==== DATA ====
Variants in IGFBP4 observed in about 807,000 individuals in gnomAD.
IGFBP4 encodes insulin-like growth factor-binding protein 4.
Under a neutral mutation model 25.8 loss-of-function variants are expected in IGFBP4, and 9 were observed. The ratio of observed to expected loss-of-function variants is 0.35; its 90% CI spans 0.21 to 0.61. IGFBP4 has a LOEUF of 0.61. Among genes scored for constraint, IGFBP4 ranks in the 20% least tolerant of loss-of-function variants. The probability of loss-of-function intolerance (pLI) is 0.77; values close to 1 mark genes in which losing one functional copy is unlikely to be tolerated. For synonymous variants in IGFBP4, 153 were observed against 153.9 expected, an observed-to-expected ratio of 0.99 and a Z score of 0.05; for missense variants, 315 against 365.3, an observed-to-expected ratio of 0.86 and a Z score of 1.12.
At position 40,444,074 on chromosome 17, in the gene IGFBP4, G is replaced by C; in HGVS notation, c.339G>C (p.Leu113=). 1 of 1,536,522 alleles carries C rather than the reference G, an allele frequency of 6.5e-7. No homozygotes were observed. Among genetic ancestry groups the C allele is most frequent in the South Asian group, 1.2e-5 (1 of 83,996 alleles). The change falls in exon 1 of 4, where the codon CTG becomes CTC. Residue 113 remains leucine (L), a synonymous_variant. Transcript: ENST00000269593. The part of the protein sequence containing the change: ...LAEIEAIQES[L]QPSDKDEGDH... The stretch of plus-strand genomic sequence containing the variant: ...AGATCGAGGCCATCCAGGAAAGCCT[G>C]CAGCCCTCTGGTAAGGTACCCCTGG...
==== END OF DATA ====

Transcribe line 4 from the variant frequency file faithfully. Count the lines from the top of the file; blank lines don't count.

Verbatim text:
At position 40,444,074 on chromosome 17, in the gene IGFBP4, G is replaced by C; in HGVS notation, c.339G>C (p.Leu113=). 1 of 1,536,522 alleles carries C rather than the reference G, an allele frequency of 6.5e-7. No homozygotes were observed. Among genetic ancestry groups the C allele is most frequent in the South Asian group, 1.2e-5 (1 of 83,996 alleles). The change falls in exon 1 of 4, where the codon CTG becomes CTC. Residue 113 remains leucine (L), a synonymous_variant. Transcript: ENST00000269593. The part of the protein sequence containing the change: ...LAEIEAIQES[L]QPSDKDEGDH... The stretch of plus-strand genomic sequence containing the variant: ...AGATCGAGGCCATCCAGGAAAGCCT[G>C]CAGCCCTCTGGTAAGGTACCCCTGG...